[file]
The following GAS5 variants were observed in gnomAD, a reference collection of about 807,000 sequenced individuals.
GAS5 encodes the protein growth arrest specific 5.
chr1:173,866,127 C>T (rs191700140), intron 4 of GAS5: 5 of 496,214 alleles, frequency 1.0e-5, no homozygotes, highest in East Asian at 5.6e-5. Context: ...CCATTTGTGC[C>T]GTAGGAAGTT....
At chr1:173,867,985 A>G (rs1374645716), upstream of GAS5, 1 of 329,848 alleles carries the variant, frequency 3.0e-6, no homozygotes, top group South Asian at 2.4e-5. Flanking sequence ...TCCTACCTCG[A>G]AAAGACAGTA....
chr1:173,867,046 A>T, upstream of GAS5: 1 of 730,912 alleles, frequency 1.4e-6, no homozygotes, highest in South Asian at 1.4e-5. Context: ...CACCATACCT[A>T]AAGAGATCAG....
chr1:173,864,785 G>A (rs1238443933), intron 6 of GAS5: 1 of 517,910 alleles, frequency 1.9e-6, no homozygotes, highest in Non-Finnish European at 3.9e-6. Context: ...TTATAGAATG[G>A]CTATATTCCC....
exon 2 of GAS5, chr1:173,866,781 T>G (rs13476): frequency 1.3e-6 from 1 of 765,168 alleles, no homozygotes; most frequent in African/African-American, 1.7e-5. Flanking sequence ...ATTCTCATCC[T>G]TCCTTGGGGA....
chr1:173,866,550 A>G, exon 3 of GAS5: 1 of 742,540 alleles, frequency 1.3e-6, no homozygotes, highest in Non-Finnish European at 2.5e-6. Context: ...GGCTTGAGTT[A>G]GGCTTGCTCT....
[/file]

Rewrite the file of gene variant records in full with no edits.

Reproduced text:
The following GAS5 variants were observed in gnomAD, a reference collection of about 807,000 sequenced individuals.
GAS5 encodes the protein growth arrest specific 5.
chr1:173,866,127 C>T (rs191700140), intron 4 of GAS5: 5 of 496,214 alleles, frequency 1.0e-5, no homozygotes, highest in East Asian at 5.6e-5. Context: ...CCATTTGTGC[C>T]GTAGGAAGTT....
At chr1:173,867,985 A>G (rs1374645716), upstream of GAS5, 1 of 329,848 alleles carries the variant, frequency 3.0e-6, no homozygotes, top group South Asian at 2.4e-5. Flanking sequence ...TCCTACCTCG[A>G]AAAGACAGTA....
chr1:173,867,046 A>T, upstream of GAS5: 1 of 730,912 alleles, frequency 1.4e-6, no homozygotes, highest in South Asian at 1.4e-5. Context: ...CACCATACCT[A>T]AAGAGATCAG....
chr1:173,864,785 G>A (rs1238443933), intron 6 of GAS5: 1 of 517,910 alleles, frequency 1.9e-6, no homozygotes, highest in Non-Finnish European at 3.9e-6. Context: ...TTATAGAATG[G>A]CTATATTCCC....
exon 2 of GAS5, chr1:173,866,781 T>G (rs13476): frequency 1.3e-6 from 1 of 765,168 alleles, no homozygotes; most frequent in African/African-American, 1.7e-5. Flanking sequence ...ATTCTCATCC[T>G]TCCTTGGGGA....
chr1:173,866,550 A>G, exon 3 of GAS5: 1 of 742,540 alleles, frequency 1.3e-6, no homozygotes, highest in Non-Finnish European at 2.5e-6. Context: ...GGCTTGAGTT[A>G]GGCTTGCTCT....